71. Aisha Galimbaeva, National Talents, 1957. Oil on canvas, 100 × 130, State Museum of Arts of the Republic of Kazakhstan named after A. Kasteev, Almaty.

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indeed a widespread Soviet phenomenon for textile factories to almost exclusively employ women. However, while the first image shows three women inside a yurt, a traditional if archaic setting, the second image portrays the interior of a modern factory. While manual and machine labour can be contrasted here, this is not the only point of comparison. In the first image the inspector in the group is an older, and therefore more experienced, Kazakh woman wearing a traditional dress and headwear. In the second image this central role is occupied by a blonde Russian woman of a similar age to the two Kazakh women at her side. Her superiority of knowledge comes, one assumes, from her past experience at similar factories. Both the Kazakh and Russian characters of this scene are shown engaged in the happy, collaborative labour processes that were so central to the Soviet economy. Another direct reference to production in Kazakhstan is made in Galimbaeva’s A Guest from the Virgin Land (1961, fig. 72).17 Here we have another bright and cheerful image of Soviet everyday life. A young woman wearing modern clothes, specifically a bright red shirt and a medal, is shown visiting her older relative who is depicted wearing traditional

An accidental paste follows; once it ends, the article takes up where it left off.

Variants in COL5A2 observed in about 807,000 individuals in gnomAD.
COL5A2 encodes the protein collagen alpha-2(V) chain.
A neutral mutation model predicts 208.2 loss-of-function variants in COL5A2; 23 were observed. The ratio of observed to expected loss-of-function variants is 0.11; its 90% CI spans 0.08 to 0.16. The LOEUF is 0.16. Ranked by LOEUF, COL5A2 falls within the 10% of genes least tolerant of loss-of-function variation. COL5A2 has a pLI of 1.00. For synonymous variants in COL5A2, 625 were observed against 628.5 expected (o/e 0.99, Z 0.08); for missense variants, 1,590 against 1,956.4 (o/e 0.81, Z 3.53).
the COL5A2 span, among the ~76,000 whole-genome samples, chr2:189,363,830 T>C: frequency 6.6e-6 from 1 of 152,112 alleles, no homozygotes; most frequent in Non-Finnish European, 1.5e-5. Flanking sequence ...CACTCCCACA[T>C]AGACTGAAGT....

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attire. While no longer in a yurt, these two women are engaged in the familial activity of drinking tea, and huge aport apples are displayed on the table.18 This is a metaphorical meeting of the new and the old, of the heavy production and agriculture of North Kazakhstan and the luscious apples and warm families of Southern Kazakhstan. Progress and tradition are seated at the same table in a harmonious atmosphere, while in the background lurks the underlying knowledge that everything traditional is soon going to disappear. Tradition itself goes through transformations within Soviet art. Once again Galimbaeva’s works can be used to illustrate these transformations. Two works, A Portrait of a National Craftswoman B. Basenova (1958, fig. 73) and Song of Kazakhstan (1962, fig. 74), are useful in discussing changing attitudes towards tradition in Kazakh society. The first painting shows a particular person known for her decorative designs for textiles and felt-work. This elderly woman is shown in traditional headwear and she is engaged in an artistic creative activity, something often associated in the West with the masculine domain. Even though the character is shown as an empowered and independent woman, at the same time her energy is directed at creating decorative pieces that are non-confrontational and non-political. Song of Kazakhstan shows a group of women in what may seem to be traditional costumes but which are in fact stylised interpretations usually used for concerts and performances. These women are all Kazakhlooking and are placed in an idyllic natural setting among blossoming trees and with mountain peaks in the background. Mountains would become an often-repeated theme in Kazakh art and were mostly associated with south-eastern Kazakhstan where the proportion of the native population was larger than in the north and north-west of the republic. Mountains came to represent a sense of nationality as linked to a distinctive landscape. Without certain national references, this image resembles works by the French Impressionist Pierre-Auguste Renoir or Russian nineteenthcentury artists such as Konstantin Korovin and Viktor Borisov-Musatov.